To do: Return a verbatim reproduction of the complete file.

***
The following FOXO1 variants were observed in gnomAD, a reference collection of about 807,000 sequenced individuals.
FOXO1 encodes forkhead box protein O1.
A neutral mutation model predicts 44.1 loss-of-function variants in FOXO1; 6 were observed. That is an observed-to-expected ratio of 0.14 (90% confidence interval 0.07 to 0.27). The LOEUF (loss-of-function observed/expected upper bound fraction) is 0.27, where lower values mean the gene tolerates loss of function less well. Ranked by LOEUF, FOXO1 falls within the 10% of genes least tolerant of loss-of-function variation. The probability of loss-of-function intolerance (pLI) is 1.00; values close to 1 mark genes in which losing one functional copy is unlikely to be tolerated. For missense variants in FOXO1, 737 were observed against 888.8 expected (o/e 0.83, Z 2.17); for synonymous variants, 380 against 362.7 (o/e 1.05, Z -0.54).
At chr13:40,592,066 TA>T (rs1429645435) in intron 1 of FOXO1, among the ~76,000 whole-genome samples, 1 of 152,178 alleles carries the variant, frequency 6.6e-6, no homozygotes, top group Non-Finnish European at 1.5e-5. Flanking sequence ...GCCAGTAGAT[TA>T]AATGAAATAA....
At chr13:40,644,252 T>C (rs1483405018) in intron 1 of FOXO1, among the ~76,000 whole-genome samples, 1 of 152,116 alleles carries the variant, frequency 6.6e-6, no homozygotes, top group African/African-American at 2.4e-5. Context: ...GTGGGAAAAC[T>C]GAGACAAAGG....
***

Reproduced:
The following FOXO1 variants were observed in gnomAD, a reference collection of about 807,000 sequenced individuals.
FOXO1 encodes forkhead box protein O1.
A neutral mutation model predicts 44.1 loss-of-function variants in FOXO1; 6 were observed. That is an observed-to-expected ratio of 0.14 (90% confidence interval 0.07 to 0.27). The LOEUF (loss-of-function observed/expected upper bound fraction) is 0.27, where lower values mean the gene tolerates loss of function less well. Ranked by LOEUF, FOXO1 falls within the 10% of genes least tolerant of loss-of-function variation. The probability of loss-of-function intolerance (pLI) is 1.00; values close to 1 mark genes in which losing one functional copy is unlikely to be tolerated. For missense variants in FOXO1, 737 were observed against 888.8 expected (o/e 0.83, Z 2.17); for synonymous variants, 380 against 362.7 (o/e 1.05, Z -0.54).
At chr13:40,592,066 TA>T (rs1429645435) in intron 1 of FOXO1, among the ~76,000 whole-genome samples, 1 of 152,178 alleles carries the variant, frequency 6.6e-6, no homozygotes, top group Non-Finnish European at 1.5e-5. Flanking sequence ...GCCAGTAGAT[TA>T]AATGAAATAA....
At chr13:40,644,252 T>C (rs1483405018) in intron 1 of FOXO1, among the ~76,000 whole-genome samples, 1 of 152,116 alleles carries the variant, frequency 6.6e-6, no homozygotes, top group African/African-American at 2.4e-5. Context: ...GTGGGAAAAC[T>C]GAGACAAAGG....